See related article: Ascii Dreams: The Death of the Level Designer: Procedural Content Generation in Games - Part One

As for it being the death of the level designer?  Absolutely not, this guy is just trying to get views on his site.

 

Anyway this was something that I thought of years ago (tyvm), and I think it'll be interesting to see how gamers react when someone finally does it right.  "But Jacob, it's already been done right!  I've played games where the terrain was randomly generated, and where whole dungeons were created randomly which gave the game unlimited replayability."  I call BS, at least in the games that I've played, I'm hardly impressed with this random level generation.  Sure, if there's a game that randomly builds rooms/dungeons by reusing/rearranging cubes then technically the user will have a "unique" experience everytime they play, but it still feels like I'm playing the same levels.  I'm still encountering variations of the same twists and turns, textures and enemies and eventually (and it doesn't take long) but I start realizing I'm doing the same **** thing just slightly re-hashed.

 

As someone who's played video games like crazy since NES, I've become incredibly self aware of the tipping point at which playing a game becomes boring/monotonous.  I think we've all experienced the gamer's attachment lifecycle.  An upcoming or existing game piques our interest, it impregnates our minds and thoughts until the moment we get our hands on it, and if it's a good game, we binge like crazy for days, weeks, or months on that one game.  That is our game and every chance we get we play it for any number of compelling reasons (it's fun, new and engaging, there are weapons/items we are striving to attain, all our friends are still on it).  This is akin, in many ways, to "new couple love".  You were just going through life aimlessly sampling the playing field, getting your heart broken along the way until your night in shining armor (your new game) came along.  Now you've got a new "crush" and love is in the air.  Man, you've never seen a game with graphics like this, and every time you play it you fall in love all over gain.  And this goes on, for a while.  But at some point something happens...

 

All of a sudden the game doesn't offer the same high it once did.  The novelty is gone, playing is no longer an engaging experience, we don't give a **** about any new weapons/items we could get, and maybe too many of our friends have moved on.  Playing a game during this stage is like being in a relationship that's going nowhere.  In the beginning you two had loads of fun, everything was brand new, it was like a god damned fairy tale.  Now there's no ****.  Those graphics you once adored are hardly stimulating anymore, and in fact you're tempted by the graphics of other games (don't feel guilty, we're all human).  Lastly, every time you play it you're simply reminded of all the little things you hate about the game and would love to change.  It's time to move on, and you do, starting all over again.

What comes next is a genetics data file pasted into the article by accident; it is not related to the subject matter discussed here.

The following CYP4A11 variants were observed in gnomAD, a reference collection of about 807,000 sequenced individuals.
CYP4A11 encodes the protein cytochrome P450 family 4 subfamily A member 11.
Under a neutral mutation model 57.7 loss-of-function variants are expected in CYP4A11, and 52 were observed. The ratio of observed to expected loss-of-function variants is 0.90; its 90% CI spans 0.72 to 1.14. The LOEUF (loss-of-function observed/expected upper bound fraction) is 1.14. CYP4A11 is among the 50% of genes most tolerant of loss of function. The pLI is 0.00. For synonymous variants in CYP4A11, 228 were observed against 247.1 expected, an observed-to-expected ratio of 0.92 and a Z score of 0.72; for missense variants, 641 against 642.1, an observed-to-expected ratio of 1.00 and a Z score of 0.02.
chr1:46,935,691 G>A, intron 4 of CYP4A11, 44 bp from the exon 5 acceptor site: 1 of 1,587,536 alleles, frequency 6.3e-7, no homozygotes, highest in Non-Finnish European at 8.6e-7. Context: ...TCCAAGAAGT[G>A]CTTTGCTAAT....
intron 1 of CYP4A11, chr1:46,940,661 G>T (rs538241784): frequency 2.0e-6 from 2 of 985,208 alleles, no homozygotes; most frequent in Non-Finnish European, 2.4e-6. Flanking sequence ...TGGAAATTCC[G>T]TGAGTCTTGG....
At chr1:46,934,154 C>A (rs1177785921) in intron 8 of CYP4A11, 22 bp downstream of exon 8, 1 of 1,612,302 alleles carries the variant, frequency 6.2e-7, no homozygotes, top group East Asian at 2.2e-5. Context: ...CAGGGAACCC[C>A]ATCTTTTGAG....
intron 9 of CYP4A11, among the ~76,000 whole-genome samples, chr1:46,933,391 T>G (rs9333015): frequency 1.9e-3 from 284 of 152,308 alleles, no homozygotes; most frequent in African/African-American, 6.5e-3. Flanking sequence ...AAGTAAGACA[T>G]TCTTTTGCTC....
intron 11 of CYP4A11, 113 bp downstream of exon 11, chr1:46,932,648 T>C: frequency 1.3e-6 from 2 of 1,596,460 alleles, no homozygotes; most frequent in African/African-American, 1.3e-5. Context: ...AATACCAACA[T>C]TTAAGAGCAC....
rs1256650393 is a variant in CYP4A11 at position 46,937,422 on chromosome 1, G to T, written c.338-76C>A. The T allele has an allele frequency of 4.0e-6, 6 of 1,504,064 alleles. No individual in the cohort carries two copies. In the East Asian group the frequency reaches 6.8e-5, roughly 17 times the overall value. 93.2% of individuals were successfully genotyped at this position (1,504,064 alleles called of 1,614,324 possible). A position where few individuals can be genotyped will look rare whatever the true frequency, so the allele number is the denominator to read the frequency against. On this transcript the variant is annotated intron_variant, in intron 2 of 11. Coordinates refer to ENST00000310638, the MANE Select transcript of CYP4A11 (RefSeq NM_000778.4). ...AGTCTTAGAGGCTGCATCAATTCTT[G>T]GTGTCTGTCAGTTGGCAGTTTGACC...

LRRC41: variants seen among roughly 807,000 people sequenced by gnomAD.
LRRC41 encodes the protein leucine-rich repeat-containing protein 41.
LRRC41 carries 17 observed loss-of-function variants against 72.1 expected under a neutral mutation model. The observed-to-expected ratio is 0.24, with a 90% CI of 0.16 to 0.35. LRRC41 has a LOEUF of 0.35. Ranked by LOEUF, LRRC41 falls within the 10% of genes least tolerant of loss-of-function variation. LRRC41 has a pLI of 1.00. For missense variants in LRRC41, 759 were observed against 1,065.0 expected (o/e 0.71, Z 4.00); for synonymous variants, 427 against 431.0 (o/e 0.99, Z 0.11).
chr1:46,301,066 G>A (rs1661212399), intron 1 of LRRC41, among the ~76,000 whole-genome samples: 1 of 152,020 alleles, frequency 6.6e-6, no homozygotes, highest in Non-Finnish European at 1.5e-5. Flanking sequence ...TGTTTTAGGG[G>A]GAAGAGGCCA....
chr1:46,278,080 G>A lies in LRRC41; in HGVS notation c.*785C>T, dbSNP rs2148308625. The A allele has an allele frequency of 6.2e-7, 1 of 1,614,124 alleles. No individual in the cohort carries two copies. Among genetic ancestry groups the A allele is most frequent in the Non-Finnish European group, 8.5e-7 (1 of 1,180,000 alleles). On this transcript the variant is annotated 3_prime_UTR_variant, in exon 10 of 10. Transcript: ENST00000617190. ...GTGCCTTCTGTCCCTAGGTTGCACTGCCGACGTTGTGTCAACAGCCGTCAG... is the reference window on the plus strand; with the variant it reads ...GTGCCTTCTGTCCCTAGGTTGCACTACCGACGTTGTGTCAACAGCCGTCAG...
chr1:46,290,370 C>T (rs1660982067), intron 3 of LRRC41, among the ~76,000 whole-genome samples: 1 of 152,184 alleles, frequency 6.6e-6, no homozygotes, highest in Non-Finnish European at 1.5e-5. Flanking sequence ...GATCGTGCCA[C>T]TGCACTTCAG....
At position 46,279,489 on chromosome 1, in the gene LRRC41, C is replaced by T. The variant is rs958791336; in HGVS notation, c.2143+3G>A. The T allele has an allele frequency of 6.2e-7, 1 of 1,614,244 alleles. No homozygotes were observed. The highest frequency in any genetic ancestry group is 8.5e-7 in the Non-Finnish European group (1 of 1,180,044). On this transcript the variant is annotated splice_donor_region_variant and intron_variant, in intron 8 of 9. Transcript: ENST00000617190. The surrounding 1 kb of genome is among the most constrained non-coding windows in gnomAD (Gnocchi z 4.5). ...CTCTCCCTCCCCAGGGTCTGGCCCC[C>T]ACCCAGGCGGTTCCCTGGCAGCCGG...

What I mean about doing automatic/random level generation right, and the purpose for my whole ridiculous tangent, is that cookie cutter rearranging of the same stuff is not enough to "keep the love alive" or "rekindle that lost flame".  If it was done in a way that created the sensation of actually getting new content, then the replayability and value of a game would drastically increase.  This is of course a very complicated problem to solve algorithmically.  The level generator would need lots of sample content (and the ability to generate more?), and the architect of this system would need a thorough understanding the current level design and what the players are looking for.  This system if developed for one game, may be in fact so closely tied to that game that it may not be easily extended and used for others.  But I still think it's an idea worth toying with.

 

Imagine a game where it's shipped with NO levels.  Lets put it into the context of a first person shooter.  Everytime the players go to join a game, the level is generated right there on the spot.  No one knows where all the best spots are, and players will need to actually think strategically about the positioning of their team and the enemy.  Camping would actually be skill that would need to be learned, you couldn't just know that some building is great for posting up and mowing enemies down because everytime you've played that level you've seen someone else do it!  Spawn camping would be a thing of the past.

 

And what about real-time level generating in-game?  Ever play a game where you're moseying around the map and BAM, you've hit an invisible wall?  That's the edge of the map, how realistic.  What if you could just... keep going?  It'd certainly be a pain for someone chasing you who in the past might have known the level better and cornered you because you're new.  And wouldn't it be exhilarating darting off into uncharted territory with someone on your tail?

 

This sounds computationally expensive, and hard...  But being able to solve hard problems is something that can reasonably be expected of MSOE students, and new technologies emerge at a rate that I certainly have hard time keeping track of.    To me, nothing is out of the question, and if you're to compete with all of the indie game devs and industry powerhouses, you better bring something new to the table.